DeKALB – Three people on probation for methamphetamine-related crimes in DeKalb face new charges after police said they stumbled upon an active meth lab about 1:30 p.m. Friday.
DeKalb police declined to reveal which of the three suspects they saw making methamphetamine in the upstairs apartment at 418 N. Eleventh St., but all three face the same charges; the most serious is punishable with between six and 30 years in prison.
Michael J. Dumiak, 30; Malgorzata M. Dutkowska, 25, and Jennifer Simpson, 32, were charged with aggravated participation in the production of methamphetamine, participation in the production of methamphetamine, and possession of methamphetamine manufacturing. Police said Dumiak and Dutkowska were living together in apartment No. 3 upstairs, while Simpson was living in apartment No. 1 at 418 N. Eleventh St.
Police said they knocked on the upstairs apartment door as part of their ongoing investigation sparked by the meth lab discovered in October at Travel Inn in DeKalb. The apartment building was evacuated Friday, and local firefighters and the Illinois State Police Meth Response Team removed the lab without incident.
Meth labs can create toxic fumes and explode, making them dangerous when operated in densely populated areas, such as the Pleasant Street neighborhood, DeKalb Police Chief Eugene Lowery said.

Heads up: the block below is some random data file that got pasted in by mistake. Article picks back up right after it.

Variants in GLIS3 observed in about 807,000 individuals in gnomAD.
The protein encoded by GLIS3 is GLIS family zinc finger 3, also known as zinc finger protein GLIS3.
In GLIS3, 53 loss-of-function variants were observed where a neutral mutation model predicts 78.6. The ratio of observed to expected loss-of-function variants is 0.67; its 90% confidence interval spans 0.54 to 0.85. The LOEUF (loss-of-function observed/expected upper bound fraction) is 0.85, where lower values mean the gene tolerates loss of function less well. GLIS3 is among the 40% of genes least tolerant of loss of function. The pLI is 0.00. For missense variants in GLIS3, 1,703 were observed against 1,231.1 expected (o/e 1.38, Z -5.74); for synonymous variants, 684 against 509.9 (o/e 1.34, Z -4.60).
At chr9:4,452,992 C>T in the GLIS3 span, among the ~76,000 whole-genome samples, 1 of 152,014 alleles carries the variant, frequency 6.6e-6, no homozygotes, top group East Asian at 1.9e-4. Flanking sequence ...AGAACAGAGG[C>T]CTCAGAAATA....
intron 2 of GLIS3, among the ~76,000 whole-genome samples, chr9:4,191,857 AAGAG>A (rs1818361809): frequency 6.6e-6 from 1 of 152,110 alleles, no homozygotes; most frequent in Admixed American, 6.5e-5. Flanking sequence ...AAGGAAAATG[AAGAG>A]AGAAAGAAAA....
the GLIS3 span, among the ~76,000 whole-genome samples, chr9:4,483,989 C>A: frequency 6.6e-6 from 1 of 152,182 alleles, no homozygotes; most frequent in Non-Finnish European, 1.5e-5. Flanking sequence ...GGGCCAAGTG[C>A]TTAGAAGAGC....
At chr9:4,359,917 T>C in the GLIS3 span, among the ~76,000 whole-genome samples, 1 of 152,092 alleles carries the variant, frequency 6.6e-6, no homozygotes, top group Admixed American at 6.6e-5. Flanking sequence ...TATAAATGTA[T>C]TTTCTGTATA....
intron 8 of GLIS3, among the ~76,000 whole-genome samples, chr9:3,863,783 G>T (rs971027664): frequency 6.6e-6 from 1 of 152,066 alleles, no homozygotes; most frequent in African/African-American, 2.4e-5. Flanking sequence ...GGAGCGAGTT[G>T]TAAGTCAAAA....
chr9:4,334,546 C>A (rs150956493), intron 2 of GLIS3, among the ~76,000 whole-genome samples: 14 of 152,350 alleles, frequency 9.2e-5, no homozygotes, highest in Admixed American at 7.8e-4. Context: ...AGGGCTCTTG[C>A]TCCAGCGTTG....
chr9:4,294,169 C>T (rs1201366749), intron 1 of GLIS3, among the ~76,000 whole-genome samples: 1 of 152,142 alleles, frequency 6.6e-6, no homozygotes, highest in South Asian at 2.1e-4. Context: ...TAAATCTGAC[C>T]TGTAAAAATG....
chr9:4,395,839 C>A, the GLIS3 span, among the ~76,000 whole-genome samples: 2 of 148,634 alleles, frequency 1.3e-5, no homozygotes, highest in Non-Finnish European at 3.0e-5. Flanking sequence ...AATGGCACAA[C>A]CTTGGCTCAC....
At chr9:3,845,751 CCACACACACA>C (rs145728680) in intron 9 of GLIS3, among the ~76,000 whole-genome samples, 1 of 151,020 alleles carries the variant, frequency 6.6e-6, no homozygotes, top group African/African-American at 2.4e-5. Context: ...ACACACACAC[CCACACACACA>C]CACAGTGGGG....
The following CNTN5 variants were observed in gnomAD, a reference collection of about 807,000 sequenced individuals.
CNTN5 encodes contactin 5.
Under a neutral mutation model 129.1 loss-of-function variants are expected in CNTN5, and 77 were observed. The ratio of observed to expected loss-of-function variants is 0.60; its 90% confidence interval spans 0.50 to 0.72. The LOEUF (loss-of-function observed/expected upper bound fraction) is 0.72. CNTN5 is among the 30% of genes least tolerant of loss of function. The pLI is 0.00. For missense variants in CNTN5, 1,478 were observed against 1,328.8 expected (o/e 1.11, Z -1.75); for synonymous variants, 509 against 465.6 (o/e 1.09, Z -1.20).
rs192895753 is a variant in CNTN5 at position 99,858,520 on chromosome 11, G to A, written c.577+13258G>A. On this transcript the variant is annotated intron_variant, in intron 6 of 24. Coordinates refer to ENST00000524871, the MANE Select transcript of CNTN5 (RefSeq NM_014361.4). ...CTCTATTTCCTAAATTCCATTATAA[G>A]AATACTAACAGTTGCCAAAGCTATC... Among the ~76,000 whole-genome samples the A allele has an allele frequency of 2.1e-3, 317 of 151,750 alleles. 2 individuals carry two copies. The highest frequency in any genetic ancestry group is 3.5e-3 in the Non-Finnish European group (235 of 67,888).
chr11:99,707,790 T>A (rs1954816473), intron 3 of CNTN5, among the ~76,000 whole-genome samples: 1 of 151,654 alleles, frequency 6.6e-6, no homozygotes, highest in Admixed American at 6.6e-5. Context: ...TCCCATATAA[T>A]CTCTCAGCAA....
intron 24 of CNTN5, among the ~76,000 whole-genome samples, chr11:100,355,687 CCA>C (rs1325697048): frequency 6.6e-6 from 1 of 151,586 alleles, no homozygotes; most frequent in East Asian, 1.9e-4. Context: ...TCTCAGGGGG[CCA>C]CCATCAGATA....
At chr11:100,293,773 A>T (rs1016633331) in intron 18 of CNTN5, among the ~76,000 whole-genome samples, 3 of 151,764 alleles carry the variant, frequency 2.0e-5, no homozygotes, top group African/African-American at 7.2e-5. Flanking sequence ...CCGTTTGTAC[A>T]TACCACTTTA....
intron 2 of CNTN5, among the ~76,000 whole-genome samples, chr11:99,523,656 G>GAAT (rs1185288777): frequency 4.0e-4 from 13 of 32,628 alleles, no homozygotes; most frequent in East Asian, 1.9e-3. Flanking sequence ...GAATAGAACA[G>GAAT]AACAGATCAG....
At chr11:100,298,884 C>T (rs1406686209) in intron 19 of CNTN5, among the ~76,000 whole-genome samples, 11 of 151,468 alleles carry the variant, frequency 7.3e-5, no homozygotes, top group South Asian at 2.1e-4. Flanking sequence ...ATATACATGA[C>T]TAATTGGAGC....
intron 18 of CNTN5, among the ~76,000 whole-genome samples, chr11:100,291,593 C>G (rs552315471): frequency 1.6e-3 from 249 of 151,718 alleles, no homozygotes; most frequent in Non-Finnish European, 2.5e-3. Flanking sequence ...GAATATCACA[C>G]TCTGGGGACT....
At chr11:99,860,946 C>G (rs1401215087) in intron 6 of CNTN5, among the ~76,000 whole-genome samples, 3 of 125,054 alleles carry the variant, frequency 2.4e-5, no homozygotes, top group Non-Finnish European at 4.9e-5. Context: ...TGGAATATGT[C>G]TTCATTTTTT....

“Identifying, stabilizing and shutting down operations of this nature are a high priority,” Lowery said. “This is part of our ongoing proactive policing strategy to interdict crimes of this nature.”
Dumiak, Dutkowska and Simpson each pleaded guilty earlier this year to possession of a methamphetamine precursor, a felony typically punishable with probation or up to seven years in prison, in connection with the meth ring investigation that started when someone found part of a meth lab in a garbage bin near the Travel Inn, 1116 W. Lincoln Highway.
Dutkowska is serving three years of probation, while Dumiak and Simpson each were sentenced to 2 1/2 years of probation.
Neighbor Jasmine Fowlers said residents at the apartment building were friendly and children often were out playing in the neighborhood, with the school bus stop located near the apartment building where police said they found the lab.
"It's crazy that it's right next door," Fowlers said. "We've been inhaling it. We could have blew up if they would have messed anything up."
Meanwhile, David Johnson, who lives in another downstairs apartment, was upset authorities wouldn't let him into his apartment while they worked Friday afternoon. His landlord, Richard Burke, declined to comment.
"It's Friday night," Johnson said. "And all I want to do is sit at home and have a beer."
• Daily Chronicle reporters Lawerence Synett and Danielle Guerra contributed to this story.